Originally published: EcoWatch
The food industry and big agricultural concerns are driving climate change and at the same time threatening to undermine efforts to feed the world's growing population, according to GRAIN, an organization that supports small farmers.
Particularly singled out for criticism are the large chemical fertilizer producers that have gained access to the United Nations talks on climate change. GRAIN accuses them of behaving like the fossil fuel companies did in the 1990s, pushing false information in the hope of delaying real action on climate change.
The evidence is detailed in a book, The Great Climate Robbery: How the food system drives climate change and what we can do about it, published by GRAIN. It is a comprehensive account of the unrelenting and largely successful campaign by big companies to take over the world's food supply and exploit it for profit.
The writers say small farms have been squeezed into less than one quarter of the world's agricultural lands, but they continue to produce most of the world's food.
Unless small farmers are protected and more land is returned to the kind of sustainable practice employed by small farmers, then there is no hope of feeding the world's population in the future, they say.
On climate change, the book details how the march of industrial agriculture has created a food chain that is now a heavy emitter of greenhouse gases. The rise of palm oil plantations for processed food, the overuse of fertilizers and the long distances produce travels to reach our plates altogether produce about 50 percent of all human greenhouse gas emissions.
This is a bold claim, but not without a remarkable body of evidence. Every chapter has a long list of footnotes citing scientific papers and UN reports.
The book is endorsed by some high-profile campaigners, including Naomi Klein, who said, "It explains why the fight to stop the industrial food juggernaut is the same as the fight for a habitable, just planet."
Another campaigner for small farmers, Dr. Vandana Shiva, said the book shows "that industrial corporate agriculture is a major part of the climate crisis, and small-scale ecological farming is a significant solution. It also alerts us to the false solutions of those who created the problem—the Exxons of agriculture."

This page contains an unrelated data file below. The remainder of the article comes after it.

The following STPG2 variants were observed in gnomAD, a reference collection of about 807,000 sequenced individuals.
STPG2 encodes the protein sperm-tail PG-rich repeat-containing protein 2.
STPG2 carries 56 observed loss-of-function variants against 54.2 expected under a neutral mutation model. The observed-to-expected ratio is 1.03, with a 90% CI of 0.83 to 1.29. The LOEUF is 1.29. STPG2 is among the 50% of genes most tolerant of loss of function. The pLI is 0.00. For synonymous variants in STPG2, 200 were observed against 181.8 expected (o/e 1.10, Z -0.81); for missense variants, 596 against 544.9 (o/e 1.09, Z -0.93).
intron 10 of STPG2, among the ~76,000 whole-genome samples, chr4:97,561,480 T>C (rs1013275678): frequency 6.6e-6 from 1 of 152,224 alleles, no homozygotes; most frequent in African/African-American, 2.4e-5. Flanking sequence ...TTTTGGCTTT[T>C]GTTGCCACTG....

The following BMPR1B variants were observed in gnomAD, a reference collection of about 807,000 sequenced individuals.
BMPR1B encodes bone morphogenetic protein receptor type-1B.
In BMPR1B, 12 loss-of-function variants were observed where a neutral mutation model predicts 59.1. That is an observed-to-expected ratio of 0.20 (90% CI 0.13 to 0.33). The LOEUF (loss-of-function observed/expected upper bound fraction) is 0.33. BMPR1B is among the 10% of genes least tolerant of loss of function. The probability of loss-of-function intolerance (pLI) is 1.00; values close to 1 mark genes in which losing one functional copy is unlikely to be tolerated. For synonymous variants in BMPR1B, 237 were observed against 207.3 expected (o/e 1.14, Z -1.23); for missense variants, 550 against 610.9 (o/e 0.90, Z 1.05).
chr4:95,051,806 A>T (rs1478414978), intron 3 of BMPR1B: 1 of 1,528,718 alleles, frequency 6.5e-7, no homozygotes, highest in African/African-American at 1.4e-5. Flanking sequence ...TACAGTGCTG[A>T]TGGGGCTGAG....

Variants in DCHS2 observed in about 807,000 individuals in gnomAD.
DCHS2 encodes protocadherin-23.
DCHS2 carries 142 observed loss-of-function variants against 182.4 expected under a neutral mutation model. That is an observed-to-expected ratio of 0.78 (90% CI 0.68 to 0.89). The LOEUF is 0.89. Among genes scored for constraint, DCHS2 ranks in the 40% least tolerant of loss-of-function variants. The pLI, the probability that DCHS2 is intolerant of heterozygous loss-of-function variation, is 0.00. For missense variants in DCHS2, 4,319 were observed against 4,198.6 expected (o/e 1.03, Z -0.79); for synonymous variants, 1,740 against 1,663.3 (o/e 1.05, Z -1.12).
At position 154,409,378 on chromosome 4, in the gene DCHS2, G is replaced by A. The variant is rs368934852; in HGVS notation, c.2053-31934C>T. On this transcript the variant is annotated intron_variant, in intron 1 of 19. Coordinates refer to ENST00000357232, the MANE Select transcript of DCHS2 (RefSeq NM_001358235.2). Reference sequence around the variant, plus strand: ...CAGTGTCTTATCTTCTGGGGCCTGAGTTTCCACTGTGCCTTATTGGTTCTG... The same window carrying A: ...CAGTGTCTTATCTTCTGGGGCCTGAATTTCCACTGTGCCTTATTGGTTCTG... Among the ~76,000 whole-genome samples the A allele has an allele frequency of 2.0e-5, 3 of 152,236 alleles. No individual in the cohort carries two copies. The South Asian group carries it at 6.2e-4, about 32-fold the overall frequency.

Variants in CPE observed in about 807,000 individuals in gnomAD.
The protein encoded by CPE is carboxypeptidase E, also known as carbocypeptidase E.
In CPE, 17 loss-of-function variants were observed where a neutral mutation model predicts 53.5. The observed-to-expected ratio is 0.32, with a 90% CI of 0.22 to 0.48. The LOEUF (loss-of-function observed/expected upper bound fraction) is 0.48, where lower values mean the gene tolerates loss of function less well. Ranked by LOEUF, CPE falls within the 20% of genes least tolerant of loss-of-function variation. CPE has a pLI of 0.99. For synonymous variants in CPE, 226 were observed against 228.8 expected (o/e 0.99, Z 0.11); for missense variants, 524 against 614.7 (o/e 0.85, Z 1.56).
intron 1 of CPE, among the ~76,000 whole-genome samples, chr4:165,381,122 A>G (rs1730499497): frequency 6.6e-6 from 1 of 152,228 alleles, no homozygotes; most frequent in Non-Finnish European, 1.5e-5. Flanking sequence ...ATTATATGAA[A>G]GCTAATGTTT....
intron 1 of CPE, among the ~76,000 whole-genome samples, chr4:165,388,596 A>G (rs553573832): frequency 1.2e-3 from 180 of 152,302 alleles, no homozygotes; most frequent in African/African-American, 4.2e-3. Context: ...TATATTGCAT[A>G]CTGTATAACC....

Although industrial farming methods produce only 11 to 15 percent of emissions, the book examines the entire food business—from deforestation to convert land to farmland, to transport, food-processing factories, the freezing and retail industries and discarded food waste.
Over the past 50 years, 140 million hectares, the size of almost all the farms in India, has been taken over by four crops grown on large industrial plantations. These are soybean, palm oil, rapeseed and sugar cane.
According to the UN's Food and Agriculture Organization, small farmers produce 80 percent of food in non-industrial countries. Their great advantage, apart from producing more food from a smaller area, is that they supply local markets with fresh rather than processed products, and less is wasted.
The book describes how the expansion of unsustainable agricultural practices over the past century has led to vast quantities of organic matter being lost from soils. This loss is responsible for between 25 percent and 40 percent of the current carbon dioxide levels in the atmosphere.
By restoring small farmers' sustainable practices, this organic matter could be put back into the soil, offsetting up to 30 percent of all global greenhouse gas emissions, the authors say.
Instead, in order to counter the loss of this carbon from soils, more and more chemical fertilizer is used. Insecticides and herbicides are poured on the land, impoverishing biodiversity.
Cutting food miles and concentrating on fresh produce at local markets, rather than processing food and providing it frozen to supermarkets, would also directly cut emissions.
The book is a call to wrest control from the industrial agricultural giant whose job it is to make profits for shareholders—not to feed the world—and to hand the land back to farmers.
The authors complain that there has been zero political will to challenge the dominant model of industrial food production and distribution. Peasants are getting the blame for cutting down trees when in fact deforestation is being driven by big companies growing industrial crops, they say.